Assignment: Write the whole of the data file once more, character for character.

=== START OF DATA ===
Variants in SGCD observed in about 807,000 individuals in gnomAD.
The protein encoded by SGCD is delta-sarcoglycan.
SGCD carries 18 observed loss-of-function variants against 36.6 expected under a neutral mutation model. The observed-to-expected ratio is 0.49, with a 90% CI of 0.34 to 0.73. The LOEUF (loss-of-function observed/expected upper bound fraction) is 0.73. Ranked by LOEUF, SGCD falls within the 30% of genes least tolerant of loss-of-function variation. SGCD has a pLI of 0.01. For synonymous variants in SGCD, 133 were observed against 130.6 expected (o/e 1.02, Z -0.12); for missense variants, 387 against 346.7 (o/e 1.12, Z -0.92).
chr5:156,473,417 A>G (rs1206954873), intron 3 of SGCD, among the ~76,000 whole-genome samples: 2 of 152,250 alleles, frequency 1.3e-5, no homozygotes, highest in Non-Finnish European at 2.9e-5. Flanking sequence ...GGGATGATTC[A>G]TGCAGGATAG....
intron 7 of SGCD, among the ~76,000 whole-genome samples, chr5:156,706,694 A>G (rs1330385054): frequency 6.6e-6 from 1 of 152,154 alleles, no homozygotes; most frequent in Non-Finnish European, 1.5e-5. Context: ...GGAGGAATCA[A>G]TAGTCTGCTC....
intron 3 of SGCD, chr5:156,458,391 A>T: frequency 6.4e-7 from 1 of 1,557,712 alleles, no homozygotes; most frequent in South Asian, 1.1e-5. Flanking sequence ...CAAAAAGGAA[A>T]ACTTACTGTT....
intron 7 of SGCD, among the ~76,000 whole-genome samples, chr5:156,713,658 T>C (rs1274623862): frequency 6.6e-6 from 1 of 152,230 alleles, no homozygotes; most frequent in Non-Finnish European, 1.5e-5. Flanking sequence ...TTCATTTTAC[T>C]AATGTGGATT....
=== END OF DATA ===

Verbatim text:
Variants in SGCD observed in about 807,000 individuals in gnomAD.
The protein encoded by SGCD is delta-sarcoglycan.
SGCD carries 18 observed loss-of-function variants against 36.6 expected under a neutral mutation model. The observed-to-expected ratio is 0.49, with a 90% CI of 0.34 to 0.73. The LOEUF (loss-of-function observed/expected upper bound fraction) is 0.73. Ranked by LOEUF, SGCD falls within the 30% of genes least tolerant of loss-of-function variation. SGCD has a pLI of 0.01. For synonymous variants in SGCD, 133 were observed against 130.6 expected (o/e 1.02, Z -0.12); for missense variants, 387 against 346.7 (o/e 1.12, Z -0.92).
chr5:156,473,417 A>G (rs1206954873), intron 3 of SGCD, among the ~76,000 whole-genome samples: 2 of 152,250 alleles, frequency 1.3e-5, no homozygotes, highest in Non-Finnish European at 2.9e-5. Flanking sequence ...GGGATGATTC[A>G]TGCAGGATAG....
intron 7 of SGCD, among the ~76,000 whole-genome samples, chr5:156,706,694 A>G (rs1330385054): frequency 6.6e-6 from 1 of 152,154 alleles, no homozygotes; most frequent in Non-Finnish European, 1.5e-5. Context: ...GGAGGAATCA[A>G]TAGTCTGCTC....
intron 3 of SGCD, chr5:156,458,391 A>T: frequency 6.4e-7 from 1 of 1,557,712 alleles, no homozygotes; most frequent in South Asian, 1.1e-5. Flanking sequence ...CAAAAAGGAA[A>T]ACTTACTGTT....
intron 7 of SGCD, among the ~76,000 whole-genome samples, chr5:156,713,658 T>C (rs1274623862): frequency 6.6e-6 from 1 of 152,230 alleles, no homozygotes; most frequent in Non-Finnish European, 1.5e-5. Flanking sequence ...TTCATTTTAC[T>C]AATGTGGATT....